Launching Science

Science Opportunities Provided by NASA’s Constellation System

Committee on Science Opportunities Enabled by NASA’s Constellation System

Space Studies Board

Aeronautics and Space Engineering Board

Division on Engineering and Physical Sciences

NATIONAL RESEARCH COUNCIL OF THE NATIONAL ACADEMIES

THE NATIONAL ACADEMIES PRESS

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Launching Science Science Opportunities Provided by NASA’s Constellation System Committee on Science Opportunities Enabled by NASA’s Constellation System Space Studies Board Aeronautics and Space Engineering Board Division on Engineering and Physical Sciences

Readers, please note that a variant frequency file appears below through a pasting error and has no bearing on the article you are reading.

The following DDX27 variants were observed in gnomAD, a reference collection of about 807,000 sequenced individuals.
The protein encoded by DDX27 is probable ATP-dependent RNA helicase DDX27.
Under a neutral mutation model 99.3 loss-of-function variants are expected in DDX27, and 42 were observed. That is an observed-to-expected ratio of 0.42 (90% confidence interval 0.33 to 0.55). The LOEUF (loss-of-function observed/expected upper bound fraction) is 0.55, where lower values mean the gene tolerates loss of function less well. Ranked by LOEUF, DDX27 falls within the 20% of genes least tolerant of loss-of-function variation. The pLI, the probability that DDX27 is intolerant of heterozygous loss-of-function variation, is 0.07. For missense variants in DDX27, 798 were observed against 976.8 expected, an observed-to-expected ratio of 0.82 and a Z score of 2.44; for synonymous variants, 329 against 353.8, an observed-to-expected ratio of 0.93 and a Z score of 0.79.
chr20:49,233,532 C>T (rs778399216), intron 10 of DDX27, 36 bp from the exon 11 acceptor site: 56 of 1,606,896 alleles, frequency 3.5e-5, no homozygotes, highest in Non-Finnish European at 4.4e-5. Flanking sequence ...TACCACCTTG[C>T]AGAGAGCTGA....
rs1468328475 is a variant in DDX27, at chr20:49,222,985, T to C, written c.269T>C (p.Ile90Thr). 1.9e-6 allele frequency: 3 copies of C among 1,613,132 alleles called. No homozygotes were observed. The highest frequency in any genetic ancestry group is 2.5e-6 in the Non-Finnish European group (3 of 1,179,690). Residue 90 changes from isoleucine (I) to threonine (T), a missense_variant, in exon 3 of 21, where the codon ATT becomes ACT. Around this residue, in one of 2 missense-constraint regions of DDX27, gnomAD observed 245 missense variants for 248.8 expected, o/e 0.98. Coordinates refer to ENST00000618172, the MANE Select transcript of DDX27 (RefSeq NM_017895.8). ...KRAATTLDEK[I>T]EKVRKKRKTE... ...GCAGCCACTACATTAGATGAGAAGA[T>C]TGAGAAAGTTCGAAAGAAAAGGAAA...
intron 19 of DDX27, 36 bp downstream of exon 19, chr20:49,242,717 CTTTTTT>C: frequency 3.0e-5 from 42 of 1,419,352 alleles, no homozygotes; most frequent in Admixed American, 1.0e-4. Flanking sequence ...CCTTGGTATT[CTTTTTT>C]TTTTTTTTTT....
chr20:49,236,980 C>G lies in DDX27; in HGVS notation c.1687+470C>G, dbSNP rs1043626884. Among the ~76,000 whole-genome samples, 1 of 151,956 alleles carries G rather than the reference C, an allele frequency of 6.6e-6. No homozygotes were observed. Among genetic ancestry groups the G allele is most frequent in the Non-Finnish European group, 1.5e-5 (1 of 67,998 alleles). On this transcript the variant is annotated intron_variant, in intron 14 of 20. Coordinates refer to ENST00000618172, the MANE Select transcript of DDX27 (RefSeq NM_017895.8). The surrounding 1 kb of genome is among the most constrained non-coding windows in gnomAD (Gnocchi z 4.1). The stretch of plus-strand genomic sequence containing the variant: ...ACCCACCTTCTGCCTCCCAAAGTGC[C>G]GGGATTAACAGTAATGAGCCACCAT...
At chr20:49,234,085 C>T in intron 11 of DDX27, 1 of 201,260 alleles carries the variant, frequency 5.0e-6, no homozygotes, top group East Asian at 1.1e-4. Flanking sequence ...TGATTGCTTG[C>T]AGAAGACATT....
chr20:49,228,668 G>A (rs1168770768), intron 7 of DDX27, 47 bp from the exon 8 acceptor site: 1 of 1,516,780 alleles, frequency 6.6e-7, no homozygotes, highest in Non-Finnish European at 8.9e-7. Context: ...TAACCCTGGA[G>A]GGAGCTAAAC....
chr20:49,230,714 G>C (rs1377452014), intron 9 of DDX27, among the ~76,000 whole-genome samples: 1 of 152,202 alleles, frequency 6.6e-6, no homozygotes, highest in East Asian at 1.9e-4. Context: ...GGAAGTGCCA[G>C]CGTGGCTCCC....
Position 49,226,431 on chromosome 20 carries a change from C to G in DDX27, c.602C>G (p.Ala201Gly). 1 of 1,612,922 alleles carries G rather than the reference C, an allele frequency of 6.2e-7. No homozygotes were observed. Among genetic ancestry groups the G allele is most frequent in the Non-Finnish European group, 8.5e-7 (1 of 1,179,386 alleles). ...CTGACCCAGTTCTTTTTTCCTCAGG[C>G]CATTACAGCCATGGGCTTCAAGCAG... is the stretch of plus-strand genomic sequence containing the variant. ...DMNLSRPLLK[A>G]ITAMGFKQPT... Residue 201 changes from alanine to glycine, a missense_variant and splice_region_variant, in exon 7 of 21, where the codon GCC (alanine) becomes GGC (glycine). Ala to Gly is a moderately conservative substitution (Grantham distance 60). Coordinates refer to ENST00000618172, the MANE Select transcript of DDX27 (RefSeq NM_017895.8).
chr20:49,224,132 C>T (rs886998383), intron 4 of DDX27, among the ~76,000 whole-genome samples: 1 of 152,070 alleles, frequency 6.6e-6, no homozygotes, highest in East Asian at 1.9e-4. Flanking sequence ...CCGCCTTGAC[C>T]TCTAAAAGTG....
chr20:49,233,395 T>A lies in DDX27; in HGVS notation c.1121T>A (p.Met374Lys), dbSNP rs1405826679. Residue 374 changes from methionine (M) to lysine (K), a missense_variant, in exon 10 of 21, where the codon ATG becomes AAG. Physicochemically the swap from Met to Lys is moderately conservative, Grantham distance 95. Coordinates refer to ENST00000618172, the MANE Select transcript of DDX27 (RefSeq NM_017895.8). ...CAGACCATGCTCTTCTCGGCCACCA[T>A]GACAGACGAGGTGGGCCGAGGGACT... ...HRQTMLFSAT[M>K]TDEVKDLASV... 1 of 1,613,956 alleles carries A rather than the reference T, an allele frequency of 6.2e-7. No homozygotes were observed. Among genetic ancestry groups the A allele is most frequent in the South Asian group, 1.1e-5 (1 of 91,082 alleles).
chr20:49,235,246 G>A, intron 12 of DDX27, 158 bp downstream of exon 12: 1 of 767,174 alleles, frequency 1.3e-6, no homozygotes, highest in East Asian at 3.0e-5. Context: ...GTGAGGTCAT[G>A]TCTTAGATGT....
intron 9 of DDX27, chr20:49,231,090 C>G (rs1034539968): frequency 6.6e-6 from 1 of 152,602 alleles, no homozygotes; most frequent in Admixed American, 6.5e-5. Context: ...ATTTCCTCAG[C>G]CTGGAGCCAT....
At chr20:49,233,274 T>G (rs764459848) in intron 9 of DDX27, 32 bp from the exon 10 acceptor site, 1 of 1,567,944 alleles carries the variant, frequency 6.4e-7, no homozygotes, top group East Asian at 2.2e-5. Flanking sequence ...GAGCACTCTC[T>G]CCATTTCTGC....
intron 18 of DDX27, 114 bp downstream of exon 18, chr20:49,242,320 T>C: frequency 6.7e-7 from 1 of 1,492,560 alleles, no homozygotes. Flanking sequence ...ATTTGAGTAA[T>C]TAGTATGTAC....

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THE NATIONAL ACADEMIES PRESS 500 Fifth Street, N.W. Washington, DC 20001 NOTICE: The project that is the subject of this report was approved by the Governing Board of the National Research Council, whose members are drawn from the councils of the National Academy of Sciences, the National Academy of Engineering, and the Institute of Medicine. The members of the committee responsible for the report were chosen for their special competences and with regard for appropriate balance. This study is based on work supported by Contract NNH06CE15B between the National Academy of Sciences and the National Aeronautics and Space Administration. Any opinions, findings, conclusions, or recommendations expressed in this publication are those of the author(s) and do not necessarily reflect the views of the agency that provided support for the project. International Standard Book Number-13: 978-0-309-11644-2 International Standard Book Number-10: 0-309-11644-9 COVER: Images courtesy of NASA. Design by Tim Warchocki. Copies of this report are available free of charge from: Space Studies Board National Research Council 500 Fifth Street, N.W. Washington, DC 20001 Additional copies of this report are available from the National Academies Press, 500 Fifth Street, N.W., Lockbox 285, Wash- ington, DC 20055; (800) 624-6242 or (202) 334-3313 (in the Washington metropolitan area); Internet, http://www.nap.edu. Copyright 2009 by the National Academy of Sciences. All rights reserved. Printed in the United States of America